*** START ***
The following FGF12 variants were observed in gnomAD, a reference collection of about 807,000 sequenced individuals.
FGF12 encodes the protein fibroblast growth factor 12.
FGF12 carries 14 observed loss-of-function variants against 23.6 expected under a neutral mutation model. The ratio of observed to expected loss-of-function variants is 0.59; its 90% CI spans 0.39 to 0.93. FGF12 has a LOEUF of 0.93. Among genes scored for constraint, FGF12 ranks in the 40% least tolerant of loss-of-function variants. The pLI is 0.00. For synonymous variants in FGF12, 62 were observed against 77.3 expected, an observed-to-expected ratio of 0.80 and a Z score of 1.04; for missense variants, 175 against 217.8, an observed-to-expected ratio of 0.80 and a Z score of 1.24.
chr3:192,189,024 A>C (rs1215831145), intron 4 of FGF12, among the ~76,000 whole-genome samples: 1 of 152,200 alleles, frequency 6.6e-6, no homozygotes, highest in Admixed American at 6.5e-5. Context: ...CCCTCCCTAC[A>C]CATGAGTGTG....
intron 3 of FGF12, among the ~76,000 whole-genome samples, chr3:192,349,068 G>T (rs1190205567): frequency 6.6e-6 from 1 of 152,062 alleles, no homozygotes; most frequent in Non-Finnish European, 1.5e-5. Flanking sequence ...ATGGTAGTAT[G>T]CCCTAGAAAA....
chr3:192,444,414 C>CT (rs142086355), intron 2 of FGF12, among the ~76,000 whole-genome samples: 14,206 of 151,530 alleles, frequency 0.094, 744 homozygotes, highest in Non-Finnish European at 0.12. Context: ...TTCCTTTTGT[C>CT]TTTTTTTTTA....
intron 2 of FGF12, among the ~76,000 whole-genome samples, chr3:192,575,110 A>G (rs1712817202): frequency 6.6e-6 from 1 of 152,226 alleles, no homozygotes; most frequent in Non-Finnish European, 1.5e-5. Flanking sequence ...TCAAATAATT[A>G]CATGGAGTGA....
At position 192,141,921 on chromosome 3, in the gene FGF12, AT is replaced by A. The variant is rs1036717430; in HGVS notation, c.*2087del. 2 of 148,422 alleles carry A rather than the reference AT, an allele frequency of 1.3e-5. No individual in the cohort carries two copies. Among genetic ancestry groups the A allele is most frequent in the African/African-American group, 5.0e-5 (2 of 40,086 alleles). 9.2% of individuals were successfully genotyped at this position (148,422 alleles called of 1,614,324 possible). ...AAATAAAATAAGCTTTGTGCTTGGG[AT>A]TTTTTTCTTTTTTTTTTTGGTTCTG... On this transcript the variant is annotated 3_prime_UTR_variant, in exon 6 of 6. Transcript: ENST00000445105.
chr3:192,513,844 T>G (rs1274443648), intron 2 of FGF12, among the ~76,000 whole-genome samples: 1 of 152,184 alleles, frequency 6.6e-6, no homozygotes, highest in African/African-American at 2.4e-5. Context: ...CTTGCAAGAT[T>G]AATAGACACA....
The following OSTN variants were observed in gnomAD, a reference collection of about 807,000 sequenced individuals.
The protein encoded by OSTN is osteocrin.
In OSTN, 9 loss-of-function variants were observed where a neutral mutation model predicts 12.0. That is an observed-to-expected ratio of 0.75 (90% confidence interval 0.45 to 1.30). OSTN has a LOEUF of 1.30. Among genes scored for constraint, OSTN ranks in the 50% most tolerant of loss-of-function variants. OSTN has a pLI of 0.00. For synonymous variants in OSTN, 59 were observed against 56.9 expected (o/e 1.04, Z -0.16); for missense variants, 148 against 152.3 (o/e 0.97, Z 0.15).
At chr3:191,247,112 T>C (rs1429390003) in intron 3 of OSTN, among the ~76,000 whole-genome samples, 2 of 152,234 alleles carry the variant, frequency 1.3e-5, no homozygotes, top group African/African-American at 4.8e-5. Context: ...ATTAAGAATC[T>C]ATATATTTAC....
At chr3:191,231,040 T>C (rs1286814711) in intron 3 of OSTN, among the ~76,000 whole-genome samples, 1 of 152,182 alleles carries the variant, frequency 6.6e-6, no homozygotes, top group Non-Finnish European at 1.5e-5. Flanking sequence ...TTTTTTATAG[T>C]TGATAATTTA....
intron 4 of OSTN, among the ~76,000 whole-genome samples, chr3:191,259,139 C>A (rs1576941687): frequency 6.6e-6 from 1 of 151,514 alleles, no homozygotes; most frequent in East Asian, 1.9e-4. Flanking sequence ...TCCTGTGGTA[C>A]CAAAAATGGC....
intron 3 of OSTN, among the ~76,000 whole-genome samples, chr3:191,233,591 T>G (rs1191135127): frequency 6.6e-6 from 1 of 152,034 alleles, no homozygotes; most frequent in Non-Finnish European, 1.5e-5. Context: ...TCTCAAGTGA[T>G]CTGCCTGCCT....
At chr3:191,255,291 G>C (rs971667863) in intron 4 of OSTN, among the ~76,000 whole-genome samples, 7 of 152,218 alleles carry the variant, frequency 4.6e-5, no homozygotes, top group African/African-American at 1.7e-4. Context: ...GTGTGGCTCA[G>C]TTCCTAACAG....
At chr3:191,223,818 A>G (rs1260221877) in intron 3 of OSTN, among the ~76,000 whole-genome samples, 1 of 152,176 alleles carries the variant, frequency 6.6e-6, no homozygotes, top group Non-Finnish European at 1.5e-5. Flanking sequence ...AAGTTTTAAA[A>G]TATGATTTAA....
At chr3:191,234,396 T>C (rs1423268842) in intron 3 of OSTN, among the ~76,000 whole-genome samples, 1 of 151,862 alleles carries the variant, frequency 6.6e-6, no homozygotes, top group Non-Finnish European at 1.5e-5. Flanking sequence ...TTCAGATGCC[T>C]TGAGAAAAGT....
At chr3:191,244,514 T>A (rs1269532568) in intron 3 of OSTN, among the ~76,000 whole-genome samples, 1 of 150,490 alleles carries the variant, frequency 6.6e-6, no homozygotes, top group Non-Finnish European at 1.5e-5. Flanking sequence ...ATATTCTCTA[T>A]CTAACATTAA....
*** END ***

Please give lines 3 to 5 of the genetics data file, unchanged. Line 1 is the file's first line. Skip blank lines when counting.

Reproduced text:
FGF12 carries 14 observed loss-of-function variants against 23.6 expected under a neutral mutation model. The ratio of observed to expected loss-of-function variants is 0.59; its 90% CI spans 0.39 to 0.93. FGF12 has a LOEUF of 0.93. Among genes scored for constraint, FGF12 ranks in the 40% least tolerant of loss-of-function variants. The pLI is 0.00. For synonymous variants in FGF12, 62 were observed against 77.3 expected, an observed-to-expected ratio of 0.80 and a Z score of 1.04; for missense variants, 175 against 217.8, an observed-to-expected ratio of 0.80 and a Z score of 1.24.
chr3:192,189,024 A>C (rs1215831145), intron 4 of FGF12, among the ~76,000 whole-genome samples: 1 of 152,200 alleles, frequency 6.6e-6, no homozygotes, highest in Admixed American at 6.5e-5. Context: ...CCCTCCCTAC[A>C]CATGAGTGTG....
intron 3 of FGF12, among the ~76,000 whole-genome samples, chr3:192,349,068 G>T (rs1190205567): frequency 6.6e-6 from 1 of 152,062 alleles, no homozygotes; most frequent in Non-Finnish European, 1.5e-5. Flanking sequence ...ATGGTAGTAT[G>T]CCCTAGAAAA....